Image: Robin Lovitt
AP file
Robin Lovitt, convicted in 1999 of killing a pool hall employee, was spared execution after last-minute intervention from Virginia Gov. Mark Warner.
updated 11/29/2005 8:56:21 PM ET 2005-11-30T01:56:21

Virginia’s governor on Tuesday spared the life of a convicted killer who would have been the 1,000th person executed in the United States since the Supreme Court allowed capital punishment to resume in 1976.

Robin Lovitt’s death sentence was commuted to life in prison without parole a little more than 24 hours before he was to be executed by injection Wednesday night for stabbing a man to death with a pair of scissors during a 1998 pool-hall robbery.

In granting clemency, Gov. Mark R. Warner noted that evidence from the trial had been improperly destroyed, depriving the defense of the opportunity to subject the material to the latest in DNA testing.

“The commonwealth must ensure that every time this ultimate sanction is carried out, it is done fairly,” Warner said in a statement.

Warner, a Democrat, had never before granted clemency to a death row inmate during his four years in office. During that time, 11 men have been executed. Virginia is one of the most active death-penalty states, having executed 94 people since 1976.

Next execution to take place Friday
The 1,000th execution is now scheduled for Friday in North Carolina, where Kenneth Lee Boyd is slated to die for killing his estranged wife and her father.

The 999th execution since capital punishment resumed a generation ago took place Tuesday morning, when Ohio put to death John Hicks, who strangled his mother-in-law and suffocated his 5-year-old stepdaughter to cover up the crime.

Lovitt’s lawyers, who include former independent counsel Kenneth Starr, and anti-death penalty advocates had argued that his life should be spared because a court clerk illegally destroyed the bloody scissors and other evidence, preventing DNA testing that they said could exonerate him.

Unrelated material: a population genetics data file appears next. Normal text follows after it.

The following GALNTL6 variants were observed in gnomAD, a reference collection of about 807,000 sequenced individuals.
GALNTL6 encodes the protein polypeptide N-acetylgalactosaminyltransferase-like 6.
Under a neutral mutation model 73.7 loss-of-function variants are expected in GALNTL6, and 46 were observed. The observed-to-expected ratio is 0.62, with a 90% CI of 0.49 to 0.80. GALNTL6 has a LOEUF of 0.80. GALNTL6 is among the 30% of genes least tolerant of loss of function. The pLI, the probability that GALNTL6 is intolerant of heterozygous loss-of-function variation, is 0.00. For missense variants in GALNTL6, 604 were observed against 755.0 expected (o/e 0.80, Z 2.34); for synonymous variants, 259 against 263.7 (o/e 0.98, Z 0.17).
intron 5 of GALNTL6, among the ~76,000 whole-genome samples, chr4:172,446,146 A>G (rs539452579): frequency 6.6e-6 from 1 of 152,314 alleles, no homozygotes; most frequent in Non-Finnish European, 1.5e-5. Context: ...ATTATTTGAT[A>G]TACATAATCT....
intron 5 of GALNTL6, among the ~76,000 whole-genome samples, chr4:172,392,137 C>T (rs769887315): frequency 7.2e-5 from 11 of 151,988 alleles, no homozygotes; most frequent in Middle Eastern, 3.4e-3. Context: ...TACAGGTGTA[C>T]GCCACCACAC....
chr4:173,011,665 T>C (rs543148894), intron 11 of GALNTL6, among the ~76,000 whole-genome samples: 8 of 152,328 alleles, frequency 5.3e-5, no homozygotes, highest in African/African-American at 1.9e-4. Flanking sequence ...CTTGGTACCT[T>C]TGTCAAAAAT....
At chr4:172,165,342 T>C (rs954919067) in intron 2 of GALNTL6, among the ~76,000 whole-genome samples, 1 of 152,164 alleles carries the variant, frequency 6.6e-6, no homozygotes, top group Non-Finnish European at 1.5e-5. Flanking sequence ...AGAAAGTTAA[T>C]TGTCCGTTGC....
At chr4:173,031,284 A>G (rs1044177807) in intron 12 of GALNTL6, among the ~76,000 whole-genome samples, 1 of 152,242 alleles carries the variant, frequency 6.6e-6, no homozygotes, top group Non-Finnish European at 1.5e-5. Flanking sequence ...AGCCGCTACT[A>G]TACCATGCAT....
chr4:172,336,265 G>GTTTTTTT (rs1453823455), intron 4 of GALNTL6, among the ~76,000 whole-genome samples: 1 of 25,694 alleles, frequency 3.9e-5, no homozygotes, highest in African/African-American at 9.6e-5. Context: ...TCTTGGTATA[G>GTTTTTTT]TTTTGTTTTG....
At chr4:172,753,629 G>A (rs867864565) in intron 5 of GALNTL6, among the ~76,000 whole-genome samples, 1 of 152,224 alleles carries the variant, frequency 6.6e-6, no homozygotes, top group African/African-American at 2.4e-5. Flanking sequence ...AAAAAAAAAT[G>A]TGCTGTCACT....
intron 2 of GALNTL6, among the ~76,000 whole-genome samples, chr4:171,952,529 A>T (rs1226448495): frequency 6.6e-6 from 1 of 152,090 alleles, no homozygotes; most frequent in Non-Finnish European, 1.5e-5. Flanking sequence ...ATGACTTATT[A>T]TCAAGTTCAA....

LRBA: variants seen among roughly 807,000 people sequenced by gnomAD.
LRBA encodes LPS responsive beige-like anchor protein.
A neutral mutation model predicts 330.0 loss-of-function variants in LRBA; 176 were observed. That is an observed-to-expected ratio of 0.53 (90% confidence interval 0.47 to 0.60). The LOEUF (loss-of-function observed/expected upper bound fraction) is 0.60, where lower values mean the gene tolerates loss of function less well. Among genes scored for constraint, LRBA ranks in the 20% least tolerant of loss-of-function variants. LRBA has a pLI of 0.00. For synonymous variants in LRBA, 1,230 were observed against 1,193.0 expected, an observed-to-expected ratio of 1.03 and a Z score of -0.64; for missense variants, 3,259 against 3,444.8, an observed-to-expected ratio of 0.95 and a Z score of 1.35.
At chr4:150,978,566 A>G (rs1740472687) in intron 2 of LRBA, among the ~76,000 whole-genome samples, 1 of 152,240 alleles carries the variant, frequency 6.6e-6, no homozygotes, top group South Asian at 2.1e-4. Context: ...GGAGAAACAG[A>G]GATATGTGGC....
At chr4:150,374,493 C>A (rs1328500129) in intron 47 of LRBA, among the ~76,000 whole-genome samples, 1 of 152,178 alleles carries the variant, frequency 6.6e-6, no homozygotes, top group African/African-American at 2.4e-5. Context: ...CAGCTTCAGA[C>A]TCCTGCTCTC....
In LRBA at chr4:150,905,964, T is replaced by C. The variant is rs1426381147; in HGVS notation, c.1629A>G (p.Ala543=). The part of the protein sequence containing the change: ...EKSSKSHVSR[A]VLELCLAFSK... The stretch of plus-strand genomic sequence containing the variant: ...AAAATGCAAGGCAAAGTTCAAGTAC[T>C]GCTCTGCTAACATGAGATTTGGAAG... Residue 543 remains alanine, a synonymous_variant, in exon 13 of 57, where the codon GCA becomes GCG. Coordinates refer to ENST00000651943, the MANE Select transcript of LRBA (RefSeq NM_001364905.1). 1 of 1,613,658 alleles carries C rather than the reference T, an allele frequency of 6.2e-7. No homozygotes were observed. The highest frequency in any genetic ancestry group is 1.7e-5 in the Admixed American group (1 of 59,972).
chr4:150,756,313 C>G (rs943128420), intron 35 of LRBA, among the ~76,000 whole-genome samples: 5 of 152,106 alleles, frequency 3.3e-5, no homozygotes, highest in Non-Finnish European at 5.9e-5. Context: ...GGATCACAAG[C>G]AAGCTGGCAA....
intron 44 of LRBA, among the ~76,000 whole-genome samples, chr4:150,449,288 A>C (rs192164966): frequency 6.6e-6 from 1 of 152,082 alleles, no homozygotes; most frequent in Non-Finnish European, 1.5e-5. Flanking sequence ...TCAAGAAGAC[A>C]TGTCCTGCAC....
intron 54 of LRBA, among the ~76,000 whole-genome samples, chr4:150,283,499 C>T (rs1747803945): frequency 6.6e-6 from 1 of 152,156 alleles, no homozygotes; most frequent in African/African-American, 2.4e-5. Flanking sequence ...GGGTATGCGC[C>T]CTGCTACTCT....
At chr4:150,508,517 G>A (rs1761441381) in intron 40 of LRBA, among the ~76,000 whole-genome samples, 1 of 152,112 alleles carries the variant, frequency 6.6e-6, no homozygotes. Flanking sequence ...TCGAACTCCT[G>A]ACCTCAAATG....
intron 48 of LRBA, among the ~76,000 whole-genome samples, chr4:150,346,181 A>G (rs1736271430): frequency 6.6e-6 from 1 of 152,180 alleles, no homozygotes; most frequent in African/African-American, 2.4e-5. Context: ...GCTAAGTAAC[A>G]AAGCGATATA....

Ashley Parrish, another of Lovitt’s attorneys, called Warner’s decision “entirely proper, given the extraordinary circumstances of Mr. Lovitt’s case.”

Lovitt was convicted in 1999 of murdering Clayton Dicks at an Arlington pool hall. Prosecutors said Dicks caught Lovitt prying open a cash register with the scissors, which police found in the woods between the pool hall and the home of Lovitt’s cousin.

Lovitt: Someone else killed
Lovitt admitted grabbing the cash box but insisted someone else killed Dicks. DNA tests on the scissors at the time of the trial were inconclusive. But more sophisticated DNA techniques are now available.

The governor, who is considered a possible Democratic presidential contender in 2008, said he was “acutely aware of the tragic loss experienced by the Dicks family.”

“However, evidence in Mr. Lovitt’s trial was destroyed by a court employee” before post-conviction DNA tests could be done, he said. “The actions of an agent of the commonwealth, in a manner contrary to the express direction of the law, comes at the expense of a defendant facing society’s most severe and final sanction.”

The state attorney general’s office released a statement acknowledging the governor’s authority to grant clemency and adding, “Our thoughts and prayers are with the victim’s family.”

In addition to Starr, Republicans such as Mark Earley, Warner’s GOP opponent in the 2001 gubernatorial election, had also denounced the planned execution.

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